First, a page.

The fix is to remove the intake manifold and install a new gasket set. It is not a hard job, but the Vortec is a maze of plastic parts and connections. Some are fairly fragile and need to be handled with care. Take careful evaluation of your abilities before jumping in.

Here's one tip, if you do decide to tackle it. On most Vortec Engines the upper and lower halves of the manifold do not need to be separated for the lower gasket replacement. However, if the engine has high mileage, say above 120,000, it is smart to replace both the upper and lower gaskets.

Fel Pro makes a problem solver gasket that has a steel base instead of the OE plastic gaskets. They are a bit pricey at around $90.00 but they will never leak again if installed properly.

The Vortec is a great engine, but it does have some pattern failures that seem pretty common to them all.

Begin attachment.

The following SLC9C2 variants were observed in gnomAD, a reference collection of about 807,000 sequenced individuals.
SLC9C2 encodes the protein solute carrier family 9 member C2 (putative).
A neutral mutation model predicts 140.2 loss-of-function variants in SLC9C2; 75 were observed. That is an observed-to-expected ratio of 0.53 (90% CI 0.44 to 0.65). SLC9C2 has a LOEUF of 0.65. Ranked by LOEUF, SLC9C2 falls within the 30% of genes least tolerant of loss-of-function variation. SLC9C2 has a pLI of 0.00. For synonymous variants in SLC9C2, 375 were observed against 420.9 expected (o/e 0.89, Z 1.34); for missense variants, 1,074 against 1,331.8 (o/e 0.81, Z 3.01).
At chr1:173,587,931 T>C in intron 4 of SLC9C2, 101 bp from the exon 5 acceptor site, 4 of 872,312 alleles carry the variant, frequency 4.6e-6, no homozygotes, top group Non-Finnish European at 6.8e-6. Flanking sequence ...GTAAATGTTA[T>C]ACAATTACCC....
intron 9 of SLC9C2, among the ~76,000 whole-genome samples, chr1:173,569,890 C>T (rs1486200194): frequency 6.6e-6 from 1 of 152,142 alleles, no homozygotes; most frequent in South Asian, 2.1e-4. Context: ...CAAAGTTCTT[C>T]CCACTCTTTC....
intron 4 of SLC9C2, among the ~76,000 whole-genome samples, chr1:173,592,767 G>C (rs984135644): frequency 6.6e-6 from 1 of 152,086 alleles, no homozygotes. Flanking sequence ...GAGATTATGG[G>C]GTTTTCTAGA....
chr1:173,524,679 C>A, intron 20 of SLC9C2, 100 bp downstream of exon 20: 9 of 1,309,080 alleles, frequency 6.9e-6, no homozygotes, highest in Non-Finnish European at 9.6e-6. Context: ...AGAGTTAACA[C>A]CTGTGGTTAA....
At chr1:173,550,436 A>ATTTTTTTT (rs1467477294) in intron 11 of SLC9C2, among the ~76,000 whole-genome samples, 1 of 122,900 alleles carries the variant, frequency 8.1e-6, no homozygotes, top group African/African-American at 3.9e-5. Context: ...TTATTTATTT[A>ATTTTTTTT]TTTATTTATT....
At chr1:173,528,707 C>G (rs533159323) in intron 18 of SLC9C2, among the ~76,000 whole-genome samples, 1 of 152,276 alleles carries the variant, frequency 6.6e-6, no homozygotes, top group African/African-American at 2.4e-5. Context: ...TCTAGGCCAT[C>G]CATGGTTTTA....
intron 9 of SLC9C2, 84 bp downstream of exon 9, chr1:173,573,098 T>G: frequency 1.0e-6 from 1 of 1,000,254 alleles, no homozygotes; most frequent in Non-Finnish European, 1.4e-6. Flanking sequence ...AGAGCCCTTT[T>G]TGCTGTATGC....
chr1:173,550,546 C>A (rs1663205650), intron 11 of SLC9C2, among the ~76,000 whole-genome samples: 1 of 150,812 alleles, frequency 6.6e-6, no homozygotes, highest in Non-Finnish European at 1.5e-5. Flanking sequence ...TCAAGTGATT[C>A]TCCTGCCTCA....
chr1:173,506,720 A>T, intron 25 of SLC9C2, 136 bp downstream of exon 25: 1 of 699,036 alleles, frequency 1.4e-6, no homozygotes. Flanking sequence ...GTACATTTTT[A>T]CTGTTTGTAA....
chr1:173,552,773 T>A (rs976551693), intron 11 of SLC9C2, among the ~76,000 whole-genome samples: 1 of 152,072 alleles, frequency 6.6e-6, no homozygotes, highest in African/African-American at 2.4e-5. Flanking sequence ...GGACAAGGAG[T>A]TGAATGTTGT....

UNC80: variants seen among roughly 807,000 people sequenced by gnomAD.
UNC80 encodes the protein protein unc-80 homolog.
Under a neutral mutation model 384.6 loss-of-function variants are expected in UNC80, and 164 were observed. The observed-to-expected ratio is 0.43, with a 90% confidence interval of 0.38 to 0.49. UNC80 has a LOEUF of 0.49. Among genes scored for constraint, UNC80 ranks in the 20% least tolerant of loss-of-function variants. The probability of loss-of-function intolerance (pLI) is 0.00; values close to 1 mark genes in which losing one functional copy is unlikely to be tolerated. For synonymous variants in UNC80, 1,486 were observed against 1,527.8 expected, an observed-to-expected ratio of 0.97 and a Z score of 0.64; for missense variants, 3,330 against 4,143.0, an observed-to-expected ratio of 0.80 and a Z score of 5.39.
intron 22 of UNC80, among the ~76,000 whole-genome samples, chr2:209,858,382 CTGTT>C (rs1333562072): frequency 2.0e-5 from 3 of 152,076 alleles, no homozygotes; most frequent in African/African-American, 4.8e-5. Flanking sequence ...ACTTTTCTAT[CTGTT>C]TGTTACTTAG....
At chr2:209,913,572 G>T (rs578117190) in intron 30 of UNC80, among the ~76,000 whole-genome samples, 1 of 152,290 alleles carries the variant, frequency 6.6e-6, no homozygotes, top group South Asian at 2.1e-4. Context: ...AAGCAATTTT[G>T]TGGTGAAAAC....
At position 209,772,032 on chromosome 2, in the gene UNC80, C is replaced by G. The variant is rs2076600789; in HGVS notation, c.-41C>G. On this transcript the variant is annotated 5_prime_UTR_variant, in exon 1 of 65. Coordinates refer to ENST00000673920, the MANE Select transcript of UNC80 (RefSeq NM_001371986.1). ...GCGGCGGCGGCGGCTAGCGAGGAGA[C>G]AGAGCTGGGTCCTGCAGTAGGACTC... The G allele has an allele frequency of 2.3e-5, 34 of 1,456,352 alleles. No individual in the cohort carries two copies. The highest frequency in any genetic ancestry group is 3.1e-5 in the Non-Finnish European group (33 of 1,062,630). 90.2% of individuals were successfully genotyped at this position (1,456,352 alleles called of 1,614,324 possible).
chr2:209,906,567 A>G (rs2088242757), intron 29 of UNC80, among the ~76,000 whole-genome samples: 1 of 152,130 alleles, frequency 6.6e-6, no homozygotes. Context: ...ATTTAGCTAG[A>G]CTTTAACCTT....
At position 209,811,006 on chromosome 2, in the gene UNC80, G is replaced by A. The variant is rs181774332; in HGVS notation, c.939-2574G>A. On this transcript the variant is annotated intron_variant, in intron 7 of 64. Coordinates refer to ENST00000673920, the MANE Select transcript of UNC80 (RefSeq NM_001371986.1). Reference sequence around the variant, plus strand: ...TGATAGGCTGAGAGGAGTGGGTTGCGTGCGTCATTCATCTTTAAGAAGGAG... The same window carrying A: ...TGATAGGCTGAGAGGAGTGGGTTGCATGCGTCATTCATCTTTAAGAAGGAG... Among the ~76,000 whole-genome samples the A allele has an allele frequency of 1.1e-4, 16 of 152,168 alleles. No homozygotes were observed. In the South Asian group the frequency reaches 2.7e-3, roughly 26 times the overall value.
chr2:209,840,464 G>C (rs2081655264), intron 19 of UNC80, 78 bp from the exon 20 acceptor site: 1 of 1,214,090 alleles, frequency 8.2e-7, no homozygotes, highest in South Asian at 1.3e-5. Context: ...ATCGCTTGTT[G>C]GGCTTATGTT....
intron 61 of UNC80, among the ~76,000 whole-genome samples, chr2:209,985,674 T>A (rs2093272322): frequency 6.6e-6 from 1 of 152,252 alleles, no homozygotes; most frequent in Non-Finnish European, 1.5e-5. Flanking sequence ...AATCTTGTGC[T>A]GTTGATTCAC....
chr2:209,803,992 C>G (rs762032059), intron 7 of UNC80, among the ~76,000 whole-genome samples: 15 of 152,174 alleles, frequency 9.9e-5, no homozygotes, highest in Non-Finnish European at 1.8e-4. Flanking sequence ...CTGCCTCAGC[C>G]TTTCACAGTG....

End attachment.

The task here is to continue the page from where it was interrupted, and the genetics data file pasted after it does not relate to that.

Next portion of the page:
Good luck and happy wrenching.



28 Responses to “Chevy Vortec Mystery Coolant Leak”

  1. Geoff on January 4th, 2009 5:24 pm

    I’m beginning to see a lot of my friends with GM trucks with Vortec engines having to have the intake gaskets replaced. You would think GM would have redesigned those things by now for more dependability.

    Good read. Thanks.


  2. Chevy Truck Bill on February 6th, 2009 9:28 pm

    I’ve driven Chevy’s all of my life and am surprised at all t he plastic stuff showing up on the engine. Things I never thought would be made out of plastic. I still think they make a great product. I hope they get all their troubles ironed out. I’d hate to see them go under.


  3. Jason Mertens on February 7th, 2009 12:32 am

    I own a 2002 Denali with the 6.0 Vortec. I am starting to get a small leak under the car. Doesn’t look like the water pump so could it be the gaskets on the intake manifold? The rig only has 64000 miles on it. I knew I should have bought a Ford. This is the worst $50000 I have ever spent.